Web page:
15 November 2017
Author, champion and Association of British Scrabble Players co-founder Allan Simmons accused of drawing replacement letter tiles
The competitive Scrabble scene has been rocked after one of its biggest celebrities was banned for cheating.
Allan Simmons is a former British champion and 30-year veteran of the professional circuit who has written multiple books on the spelling word game, served as the Times’ Scrabble correspondent and even co-founded the Association of British Scrabble Players in 1987.
Now, the same organisation that Simmons helped establish has barred him from competing in tournament matches for three years after it was decided he had cheated in multiple competitions over the last couple of years.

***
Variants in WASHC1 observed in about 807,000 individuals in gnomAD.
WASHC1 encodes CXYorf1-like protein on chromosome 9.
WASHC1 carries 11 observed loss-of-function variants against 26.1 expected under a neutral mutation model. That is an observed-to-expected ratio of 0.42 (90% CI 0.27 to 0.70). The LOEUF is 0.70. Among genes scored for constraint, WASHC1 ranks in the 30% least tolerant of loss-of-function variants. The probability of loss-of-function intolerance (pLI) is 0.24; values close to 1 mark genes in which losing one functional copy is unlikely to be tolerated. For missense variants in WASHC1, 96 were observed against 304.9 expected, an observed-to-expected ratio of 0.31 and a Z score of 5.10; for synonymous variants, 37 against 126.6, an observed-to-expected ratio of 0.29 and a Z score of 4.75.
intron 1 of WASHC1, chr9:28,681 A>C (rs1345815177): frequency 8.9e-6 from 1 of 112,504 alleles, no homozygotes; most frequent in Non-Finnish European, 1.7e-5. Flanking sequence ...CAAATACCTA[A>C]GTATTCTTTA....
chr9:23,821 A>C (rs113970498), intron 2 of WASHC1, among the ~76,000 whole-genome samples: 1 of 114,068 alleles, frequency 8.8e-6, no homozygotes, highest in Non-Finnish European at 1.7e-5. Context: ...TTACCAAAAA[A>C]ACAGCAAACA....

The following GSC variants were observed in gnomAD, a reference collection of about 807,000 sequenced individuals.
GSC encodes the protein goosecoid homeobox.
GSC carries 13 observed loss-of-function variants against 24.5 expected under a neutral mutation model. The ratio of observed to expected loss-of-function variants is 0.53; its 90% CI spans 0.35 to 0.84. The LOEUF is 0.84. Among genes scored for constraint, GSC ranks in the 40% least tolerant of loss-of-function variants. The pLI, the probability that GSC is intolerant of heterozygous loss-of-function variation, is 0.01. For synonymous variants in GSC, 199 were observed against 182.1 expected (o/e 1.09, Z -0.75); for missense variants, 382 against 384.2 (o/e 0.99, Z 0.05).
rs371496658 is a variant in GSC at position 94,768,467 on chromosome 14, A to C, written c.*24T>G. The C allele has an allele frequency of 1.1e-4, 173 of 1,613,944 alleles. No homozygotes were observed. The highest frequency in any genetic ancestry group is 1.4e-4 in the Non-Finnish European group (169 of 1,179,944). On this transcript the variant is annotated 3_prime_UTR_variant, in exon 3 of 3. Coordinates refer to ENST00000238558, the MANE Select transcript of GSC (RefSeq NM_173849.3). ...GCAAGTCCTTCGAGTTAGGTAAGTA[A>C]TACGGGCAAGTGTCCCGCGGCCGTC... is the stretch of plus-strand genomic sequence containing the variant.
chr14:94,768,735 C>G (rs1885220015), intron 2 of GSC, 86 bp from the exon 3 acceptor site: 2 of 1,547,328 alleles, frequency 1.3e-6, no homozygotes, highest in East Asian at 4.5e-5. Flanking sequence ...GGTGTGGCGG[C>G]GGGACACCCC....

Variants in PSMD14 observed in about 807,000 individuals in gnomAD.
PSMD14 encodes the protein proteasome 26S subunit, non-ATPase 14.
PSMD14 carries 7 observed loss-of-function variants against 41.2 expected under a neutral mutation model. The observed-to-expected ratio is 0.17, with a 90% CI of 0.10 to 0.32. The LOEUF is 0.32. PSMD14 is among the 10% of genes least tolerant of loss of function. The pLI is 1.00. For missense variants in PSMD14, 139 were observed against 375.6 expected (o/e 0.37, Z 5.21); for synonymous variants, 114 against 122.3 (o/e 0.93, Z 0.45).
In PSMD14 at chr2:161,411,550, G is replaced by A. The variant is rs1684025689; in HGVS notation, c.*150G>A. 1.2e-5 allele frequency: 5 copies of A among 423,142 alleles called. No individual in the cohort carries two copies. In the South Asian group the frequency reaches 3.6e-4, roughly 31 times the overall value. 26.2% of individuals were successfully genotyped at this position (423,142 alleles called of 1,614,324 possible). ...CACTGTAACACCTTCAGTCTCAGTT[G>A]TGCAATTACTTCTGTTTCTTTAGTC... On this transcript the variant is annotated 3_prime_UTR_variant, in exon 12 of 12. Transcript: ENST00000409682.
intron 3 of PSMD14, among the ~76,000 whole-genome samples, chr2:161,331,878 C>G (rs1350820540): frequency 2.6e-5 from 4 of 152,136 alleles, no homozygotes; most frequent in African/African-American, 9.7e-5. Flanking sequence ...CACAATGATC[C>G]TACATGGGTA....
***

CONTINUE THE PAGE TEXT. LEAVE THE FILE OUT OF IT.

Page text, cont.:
Professional Scrabble tournaments require competitors to draw letter tiles from the bag in a very specific way in order to eliminate the chance of a player peeking at the letters or replacing them with a more favourable selection. The bag must be held no lower than the shoulder level and the drawer’s hand must been shown splayed to their opponent to stop them dropping letters back into the pool.
It was this rule that Simmons was accused of breaking, with his opponent in a match in June claiming he had returned just-drawn letters to the bag and replaced them with fresh tiles. Simmons was initially handed a one-year ban after an investigation into the incident by the ABSP, which was later extended to three years after it was alleged similar actions had occurred four times during 2016.
Simmons understandably denied the claims of cheating, but later admitted that he may have “unintentionally” failed to follow the tournament-standard guidelines to the letter.
In response to his sentence, Simmons told the Times – which has also dropped him as a contributor – that he would “rise above” the accusations and would not contest the decision, adding that he had already been planning to retire from professional Scrabble and focus on the “more important things in life”.